Gustav Mahler: Fünf Lieder nach Rückert (Rückert Songs)

mahlers_komponierhuschenFriedrich Rückert was professor of Oriental languages at the University of Erlangen and Berlin. A master of more than thirty languages, he principally made his name with a number of highly esteemed translations of Oriental poetry. However, he also started writing poems conceived in the spirit of the Oriental masters. This poetry, much of it published after his death in 1866, provided the inspiration for musical settings by Clara and Robert Schumann, Johannes Brahms and Gustav Mahler among numerous others. At the turn of the century, Gustav Mahler suddenly collapsed in his apartment, and only an emergency operation for an intestinal haemorrhage was able to save his life. This traumatic experience profoundly changed not only the man, but also the composer. Leaving behind the folk poetry of the Wunderhorn he turned his attention to the writings of Rückert. The intensely personal tone, oriental flavor and intellectuality expressed in these poems clearly resonated in Mahler’s own imagination. Paired with a “completely new musical style” that emphasized linear clarity without sacrificing complexity, Mahler’s Rückert settings created a new link between music and literature, and also between the Lied and the Symphony.

Composed between 1901 and 1902, the Rückert Songs do not constitute a true song cycle, but are variously arranged and presented in performance. “Blicke mir nicht in die Lieder” (Do not look into my songs) is lightly scored, and the agitation in the vocal line apparently suggests Mahler’s expressed annoyance at having his works examined before they were complete. The small ensemble does not partake in shaping the melody; it simply provides the perpetual motion that accompanies the vocal line. It has been suggested that the orchestral opening discloses a thematic connection to his unfinished Tenth Symphony. “Ich atmet’ einen linden Duft” (I breathed a delicate fragrance) captures the wistful atmosphere of romance hinted at in the text. Celeste, harp, single winds and strings create a dreamlike atmosphere that is completely untouched by melancholy. A simple Celeste arpeggio initiates the rhythm of a lullaby, and introduces a gentle diatonic vocal line. Providing occasional touches of harmony and soft delicate hues, the ensemble continues to support a vocal line that introduces pentatonic intervals in the second stanza. This gentlest of setting—the music never rises above a pianissimo dynamic level—concludes with the Celeste arpeggio with which it had began.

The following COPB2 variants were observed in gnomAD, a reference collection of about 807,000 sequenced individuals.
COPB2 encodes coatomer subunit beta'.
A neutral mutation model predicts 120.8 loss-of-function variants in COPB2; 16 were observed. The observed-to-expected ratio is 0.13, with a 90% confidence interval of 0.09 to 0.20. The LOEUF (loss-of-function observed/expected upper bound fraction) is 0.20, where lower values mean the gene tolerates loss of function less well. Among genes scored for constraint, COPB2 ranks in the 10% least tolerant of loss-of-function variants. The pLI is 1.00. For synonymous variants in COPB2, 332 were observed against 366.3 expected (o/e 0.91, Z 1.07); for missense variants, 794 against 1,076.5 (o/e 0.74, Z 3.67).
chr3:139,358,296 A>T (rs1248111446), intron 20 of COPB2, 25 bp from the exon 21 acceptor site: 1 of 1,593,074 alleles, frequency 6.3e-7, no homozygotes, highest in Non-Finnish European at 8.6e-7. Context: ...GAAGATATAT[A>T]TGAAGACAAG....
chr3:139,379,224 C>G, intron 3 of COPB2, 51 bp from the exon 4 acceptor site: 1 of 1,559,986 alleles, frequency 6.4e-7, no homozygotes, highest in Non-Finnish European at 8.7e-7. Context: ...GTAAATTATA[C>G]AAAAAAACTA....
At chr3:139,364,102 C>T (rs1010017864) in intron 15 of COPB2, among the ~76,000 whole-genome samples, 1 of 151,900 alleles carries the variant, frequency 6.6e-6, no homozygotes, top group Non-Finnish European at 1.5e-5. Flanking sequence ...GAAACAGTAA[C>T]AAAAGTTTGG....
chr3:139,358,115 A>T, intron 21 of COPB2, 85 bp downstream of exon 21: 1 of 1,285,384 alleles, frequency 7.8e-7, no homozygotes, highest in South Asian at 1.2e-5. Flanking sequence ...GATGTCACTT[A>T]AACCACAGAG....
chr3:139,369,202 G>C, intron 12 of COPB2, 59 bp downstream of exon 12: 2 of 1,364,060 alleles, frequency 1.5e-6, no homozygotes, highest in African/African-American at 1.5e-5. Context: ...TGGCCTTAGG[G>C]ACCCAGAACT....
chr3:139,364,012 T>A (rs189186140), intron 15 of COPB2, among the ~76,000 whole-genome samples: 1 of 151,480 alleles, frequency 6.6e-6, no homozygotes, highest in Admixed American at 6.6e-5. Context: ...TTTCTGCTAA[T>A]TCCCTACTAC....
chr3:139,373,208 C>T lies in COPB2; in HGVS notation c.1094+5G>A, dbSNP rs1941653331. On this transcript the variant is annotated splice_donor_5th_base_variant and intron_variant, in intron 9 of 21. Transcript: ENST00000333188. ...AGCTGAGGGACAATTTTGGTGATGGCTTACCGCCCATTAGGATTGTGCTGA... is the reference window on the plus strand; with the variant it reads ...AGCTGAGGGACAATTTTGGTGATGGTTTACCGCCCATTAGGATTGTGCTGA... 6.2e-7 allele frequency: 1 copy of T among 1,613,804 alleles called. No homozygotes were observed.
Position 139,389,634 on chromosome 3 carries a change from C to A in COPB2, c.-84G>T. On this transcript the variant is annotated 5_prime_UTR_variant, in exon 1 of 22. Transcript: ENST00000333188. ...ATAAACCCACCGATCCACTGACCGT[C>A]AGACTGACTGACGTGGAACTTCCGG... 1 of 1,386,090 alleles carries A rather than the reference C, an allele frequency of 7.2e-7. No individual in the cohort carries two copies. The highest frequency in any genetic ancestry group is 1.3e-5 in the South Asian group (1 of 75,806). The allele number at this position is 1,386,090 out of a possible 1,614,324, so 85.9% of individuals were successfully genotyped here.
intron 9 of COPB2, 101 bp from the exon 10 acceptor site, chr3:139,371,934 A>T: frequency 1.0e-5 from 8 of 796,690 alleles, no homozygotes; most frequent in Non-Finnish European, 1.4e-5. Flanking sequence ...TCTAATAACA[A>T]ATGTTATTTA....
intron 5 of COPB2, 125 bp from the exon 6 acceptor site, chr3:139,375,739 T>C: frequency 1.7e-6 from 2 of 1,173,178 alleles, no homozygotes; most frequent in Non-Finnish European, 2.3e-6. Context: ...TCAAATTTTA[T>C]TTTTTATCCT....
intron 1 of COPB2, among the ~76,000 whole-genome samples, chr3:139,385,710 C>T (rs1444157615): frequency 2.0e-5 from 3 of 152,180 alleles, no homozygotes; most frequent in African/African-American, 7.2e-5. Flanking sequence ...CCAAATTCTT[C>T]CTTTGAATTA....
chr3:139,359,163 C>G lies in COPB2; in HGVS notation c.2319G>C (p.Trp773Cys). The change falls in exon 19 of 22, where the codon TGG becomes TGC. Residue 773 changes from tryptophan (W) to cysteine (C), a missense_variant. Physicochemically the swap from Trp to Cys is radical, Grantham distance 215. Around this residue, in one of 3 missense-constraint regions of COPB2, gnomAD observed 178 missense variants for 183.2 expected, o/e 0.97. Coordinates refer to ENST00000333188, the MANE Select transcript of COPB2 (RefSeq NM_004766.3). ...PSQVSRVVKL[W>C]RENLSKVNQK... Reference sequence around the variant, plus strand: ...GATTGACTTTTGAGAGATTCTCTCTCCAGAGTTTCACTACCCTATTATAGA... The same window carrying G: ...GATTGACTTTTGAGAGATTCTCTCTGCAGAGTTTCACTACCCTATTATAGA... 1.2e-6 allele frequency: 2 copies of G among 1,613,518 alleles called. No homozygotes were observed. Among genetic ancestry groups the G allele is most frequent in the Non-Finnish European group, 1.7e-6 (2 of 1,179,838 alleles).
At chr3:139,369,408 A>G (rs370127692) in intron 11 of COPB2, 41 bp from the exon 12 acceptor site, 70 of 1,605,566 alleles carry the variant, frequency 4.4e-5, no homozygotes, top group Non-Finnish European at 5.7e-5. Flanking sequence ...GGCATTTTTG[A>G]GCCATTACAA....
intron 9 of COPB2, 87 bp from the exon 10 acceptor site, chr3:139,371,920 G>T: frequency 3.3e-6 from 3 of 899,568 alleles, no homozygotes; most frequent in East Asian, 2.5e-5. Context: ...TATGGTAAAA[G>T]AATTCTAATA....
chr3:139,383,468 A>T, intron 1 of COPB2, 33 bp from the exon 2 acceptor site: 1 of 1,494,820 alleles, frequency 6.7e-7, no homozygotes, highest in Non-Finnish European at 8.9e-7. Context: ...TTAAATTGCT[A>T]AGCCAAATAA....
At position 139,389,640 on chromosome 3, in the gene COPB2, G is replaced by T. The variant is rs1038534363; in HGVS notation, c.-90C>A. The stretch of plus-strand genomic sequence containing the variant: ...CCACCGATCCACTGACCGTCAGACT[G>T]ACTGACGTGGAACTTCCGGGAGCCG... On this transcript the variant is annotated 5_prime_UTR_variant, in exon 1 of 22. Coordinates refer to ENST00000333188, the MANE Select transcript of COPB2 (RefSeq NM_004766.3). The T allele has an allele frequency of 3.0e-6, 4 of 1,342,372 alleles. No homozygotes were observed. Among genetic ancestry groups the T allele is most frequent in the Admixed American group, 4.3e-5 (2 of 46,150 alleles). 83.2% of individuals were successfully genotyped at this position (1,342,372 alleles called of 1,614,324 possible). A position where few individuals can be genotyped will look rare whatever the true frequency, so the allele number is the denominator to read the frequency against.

mahler_ich_4“Um Mitternacht” (At Midnight) searches for the fundamental questions of existence, and the relief from fear, pain and suffering. This nocturnal meditation features stark instrumental sonorities, sparse orchestration, expressive intensity and obsessive rhythms. Recalling his near-death experience, Mahler forces the music into the low register, and an incessant heartbeat rhythm not only suggests anxiety, but also implies the passage of time. In addition, downward spiraling passages expose a sense of utter loneliness and a frightful descent into depression. The final stanza finds the answers to life’s questions in the simple faith in God. Written as a love song for Alma Mahler, Liebst du um Schönheit (If you love for beauty) was composed in considerable haste. In fact, in Mahler’s hand, it only exists in a piano version, but has since been variously orchestrated. Above all, this intimate song expresses tender sentiments without the “Angst” we so frequently encounter in Mahler’s music.
Retreating from the outer to the inner world, “Ich bin der Welt abhanden gekommen” (I am lost to the world) conveys a symbolic death, through which the narrator is alienated from the external world, eventually attaining a blissful and isolated serenity. Apparently, Mahler so strongly identified with this poem that he proclaimed, “It is I myself.” In his musical setting, Mahler creates a dream world that mirrors the inner world of human emotion. Chamber-like scoring that briefly spotlights virtuoso passages exposes a completely new level of contrapuntal clarity. A plaintive pentatonic melody in the English horn hauntingly emerges and elides with the entrance of the voice. The melodic phrases are highly irregular, and dissonant harmonies the result of winding instrumental passages. The vocal melody is constantly shadowed by related melodic ideas in the orchestra, and the text gradually reveals that inner peace can only be achieved through Art. In Mahler’s hands, this poem is transformed into a musical and psychological masterpiece.
Gustav Mahler: Rückert Songs
The Rückert Songs will be performed at the Verbier Festival on 23 July 2016
Verbier Festival Junior Orchestra / Daniel Harding: Direction / Stephan Genz: Baritone
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